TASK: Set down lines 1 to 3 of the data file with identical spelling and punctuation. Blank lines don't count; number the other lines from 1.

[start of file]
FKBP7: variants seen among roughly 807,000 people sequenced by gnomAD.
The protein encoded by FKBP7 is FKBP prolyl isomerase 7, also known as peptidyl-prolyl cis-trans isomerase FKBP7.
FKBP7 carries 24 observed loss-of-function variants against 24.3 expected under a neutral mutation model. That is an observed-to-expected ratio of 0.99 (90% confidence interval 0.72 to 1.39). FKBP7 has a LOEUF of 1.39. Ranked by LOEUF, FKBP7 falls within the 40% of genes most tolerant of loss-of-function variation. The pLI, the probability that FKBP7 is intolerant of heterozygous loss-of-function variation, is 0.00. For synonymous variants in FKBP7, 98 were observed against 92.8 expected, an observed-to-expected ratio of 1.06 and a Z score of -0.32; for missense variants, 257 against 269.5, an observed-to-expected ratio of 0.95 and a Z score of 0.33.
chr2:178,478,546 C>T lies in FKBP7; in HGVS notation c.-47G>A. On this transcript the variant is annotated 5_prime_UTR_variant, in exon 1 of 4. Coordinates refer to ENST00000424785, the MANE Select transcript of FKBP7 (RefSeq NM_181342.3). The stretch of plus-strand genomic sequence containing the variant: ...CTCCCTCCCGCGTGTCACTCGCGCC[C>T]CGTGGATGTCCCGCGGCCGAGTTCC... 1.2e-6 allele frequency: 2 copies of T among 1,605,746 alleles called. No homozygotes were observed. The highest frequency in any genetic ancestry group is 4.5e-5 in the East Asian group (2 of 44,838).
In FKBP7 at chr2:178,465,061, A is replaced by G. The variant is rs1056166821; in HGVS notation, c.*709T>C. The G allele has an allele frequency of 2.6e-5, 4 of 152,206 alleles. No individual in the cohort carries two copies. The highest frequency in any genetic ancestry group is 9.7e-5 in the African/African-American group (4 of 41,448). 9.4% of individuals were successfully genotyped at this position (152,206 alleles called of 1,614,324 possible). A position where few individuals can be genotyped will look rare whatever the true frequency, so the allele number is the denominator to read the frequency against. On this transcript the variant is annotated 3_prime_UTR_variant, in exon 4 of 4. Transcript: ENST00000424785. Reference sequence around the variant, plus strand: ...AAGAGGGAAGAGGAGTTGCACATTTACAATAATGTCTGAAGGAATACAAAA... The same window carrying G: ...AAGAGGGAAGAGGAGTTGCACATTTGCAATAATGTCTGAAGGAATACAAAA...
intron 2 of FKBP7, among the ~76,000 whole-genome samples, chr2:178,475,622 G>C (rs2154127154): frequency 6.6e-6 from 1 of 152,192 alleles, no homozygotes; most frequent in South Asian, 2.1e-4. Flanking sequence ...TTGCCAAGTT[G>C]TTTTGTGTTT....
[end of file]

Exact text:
FKBP7: variants seen among roughly 807,000 people sequenced by gnomAD.
The protein encoded by FKBP7 is FKBP prolyl isomerase 7, also known as peptidyl-prolyl cis-trans isomerase FKBP7.
FKBP7 carries 24 observed loss-of-function variants against 24.3 expected under a neutral mutation model. That is an observed-to-expected ratio of 0.99 (90% confidence interval 0.72 to 1.39). FKBP7 has a LOEUF of 1.39. Ranked by LOEUF, FKBP7 falls within the 40% of genes most tolerant of loss-of-function variation. The pLI, the probability that FKBP7 is intolerant of heterozygous loss-of-function variation, is 0.00. For synonymous variants in FKBP7, 98 were observed against 92.8 expected, an observed-to-expected ratio of 1.06 and a Z score of -0.32; for missense variants, 257 against 269.5, an observed-to-expected ratio of 0.95 and a Z score of 0.33.